Grant winner 2016
Grant type: Project grant
Principal investigator: Professor David Wyllie
Institution: University of Edinburgh
Duration: 24 months
Scientific title: GluN2A haploinsufficiency: a novel pre-clinical model of epilepsy
“Individuals who carry mutations in genes that encode receptors activated by the excitatory neurotransmitter, glutamate, can suffer from a variety of disorders, many of which are associated with epilepsy. While our previous research has focused on studying glutamate receptors and their role in neuronal communication, the project funded by ERUK allows us to extend our work to a pre-clinical model that is a direct correlate of epileptic encephalopathy.” Professor David Wyllie (pictured)
Neurons communicate with each other using special chemicals known as neurotransmitters, which are classified as being either excitatory (meaning that they increase the likelihood that the neurons they act upon fire signals), or inhibitory (meaning that they decrease the likelihood of firing). The main excitatory and inhibitory neurotransmitters in the brain are called glutamate and GABA respectively, and they act via protein structures called receptors (which they ‘activate’). A fine balance between excitation and inhibition must exist in order for the brain to function properly. If for some reason there is too much excitation, signalling becomes uncontrolled and there is a risk of seizures.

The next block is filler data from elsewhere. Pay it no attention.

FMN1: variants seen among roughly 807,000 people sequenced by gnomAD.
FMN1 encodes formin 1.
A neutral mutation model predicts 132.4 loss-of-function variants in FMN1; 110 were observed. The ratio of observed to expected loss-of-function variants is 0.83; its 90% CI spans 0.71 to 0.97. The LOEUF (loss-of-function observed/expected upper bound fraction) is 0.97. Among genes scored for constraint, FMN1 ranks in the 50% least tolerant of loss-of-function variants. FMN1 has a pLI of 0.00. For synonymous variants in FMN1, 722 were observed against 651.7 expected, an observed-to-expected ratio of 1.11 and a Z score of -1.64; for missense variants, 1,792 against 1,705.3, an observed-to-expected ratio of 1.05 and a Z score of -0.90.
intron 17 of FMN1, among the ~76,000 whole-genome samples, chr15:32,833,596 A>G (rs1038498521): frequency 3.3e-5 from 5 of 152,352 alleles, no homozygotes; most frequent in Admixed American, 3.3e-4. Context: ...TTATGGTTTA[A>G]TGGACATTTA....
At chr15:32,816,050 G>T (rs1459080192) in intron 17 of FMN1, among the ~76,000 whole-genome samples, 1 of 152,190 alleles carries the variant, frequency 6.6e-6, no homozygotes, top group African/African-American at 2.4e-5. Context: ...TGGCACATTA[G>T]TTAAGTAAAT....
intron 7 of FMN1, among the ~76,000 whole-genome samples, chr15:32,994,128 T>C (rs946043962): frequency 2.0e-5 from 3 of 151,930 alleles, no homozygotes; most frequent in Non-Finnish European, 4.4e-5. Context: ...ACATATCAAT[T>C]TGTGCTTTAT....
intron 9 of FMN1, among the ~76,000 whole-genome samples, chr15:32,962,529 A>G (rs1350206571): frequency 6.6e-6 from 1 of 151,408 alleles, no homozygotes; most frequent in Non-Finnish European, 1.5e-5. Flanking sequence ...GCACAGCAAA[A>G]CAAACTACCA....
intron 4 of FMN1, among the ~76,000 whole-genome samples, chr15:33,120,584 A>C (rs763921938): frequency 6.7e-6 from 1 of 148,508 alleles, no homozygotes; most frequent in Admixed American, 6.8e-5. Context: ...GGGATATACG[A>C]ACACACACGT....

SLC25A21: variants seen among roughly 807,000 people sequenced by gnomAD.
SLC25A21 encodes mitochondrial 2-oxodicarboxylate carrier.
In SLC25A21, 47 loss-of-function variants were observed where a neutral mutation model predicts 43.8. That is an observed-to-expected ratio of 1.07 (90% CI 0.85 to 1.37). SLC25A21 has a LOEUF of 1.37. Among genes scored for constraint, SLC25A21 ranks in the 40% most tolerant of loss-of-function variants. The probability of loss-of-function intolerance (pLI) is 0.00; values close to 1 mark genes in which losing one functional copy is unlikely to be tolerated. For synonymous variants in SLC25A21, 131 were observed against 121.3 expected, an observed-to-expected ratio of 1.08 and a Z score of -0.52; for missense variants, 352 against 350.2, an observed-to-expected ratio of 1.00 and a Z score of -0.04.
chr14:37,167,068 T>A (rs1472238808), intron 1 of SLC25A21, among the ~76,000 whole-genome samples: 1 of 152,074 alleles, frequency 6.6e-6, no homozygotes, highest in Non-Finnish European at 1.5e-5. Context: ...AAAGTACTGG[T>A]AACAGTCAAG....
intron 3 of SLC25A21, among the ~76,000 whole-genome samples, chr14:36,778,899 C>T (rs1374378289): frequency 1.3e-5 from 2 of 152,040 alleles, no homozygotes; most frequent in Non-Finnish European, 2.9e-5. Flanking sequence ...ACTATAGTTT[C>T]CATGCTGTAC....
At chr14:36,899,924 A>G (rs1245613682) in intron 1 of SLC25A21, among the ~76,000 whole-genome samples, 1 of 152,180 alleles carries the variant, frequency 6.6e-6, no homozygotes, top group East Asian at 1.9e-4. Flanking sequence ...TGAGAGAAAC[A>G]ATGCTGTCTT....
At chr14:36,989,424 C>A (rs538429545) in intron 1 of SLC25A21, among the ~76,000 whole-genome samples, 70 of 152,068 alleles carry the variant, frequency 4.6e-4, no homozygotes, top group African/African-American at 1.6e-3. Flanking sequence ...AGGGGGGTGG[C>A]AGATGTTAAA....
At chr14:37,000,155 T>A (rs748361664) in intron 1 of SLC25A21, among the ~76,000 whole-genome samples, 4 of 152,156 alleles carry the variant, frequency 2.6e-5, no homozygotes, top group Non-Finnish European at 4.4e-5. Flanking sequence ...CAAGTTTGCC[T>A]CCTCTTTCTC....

Mutations in a gene called GRIN2A, which encodes a protein called GluN2A, can lead to a reduction in one type of receptor that is activated by glutamate. This reduction can make individuals more susceptible to epileptic seizures, but the mechanisms that underlie this are not clear.
Professor Wyllie and his colleagues have generated a genetically-engineered rodent to mimic the effects of the loss GluN2A. In the current project, they plan to record the small electrical signals generated when glutamate acts at its receptors to:
- investigate how signalling is altered when GluN2A expression is reduced
- determine what interventions can be used to correct this altered signalling and potentially reduced the incidence of seizures
This research will give detailed insights into neuronal communication in the hippocampus (an important memory structure in which seizures frequently originate), at both the single cell and neuronal circuit level. It is a knowledge-gaining project, but the findings could potentially pave the way for the development of new epilepsy treatments in the next 10-15 years.
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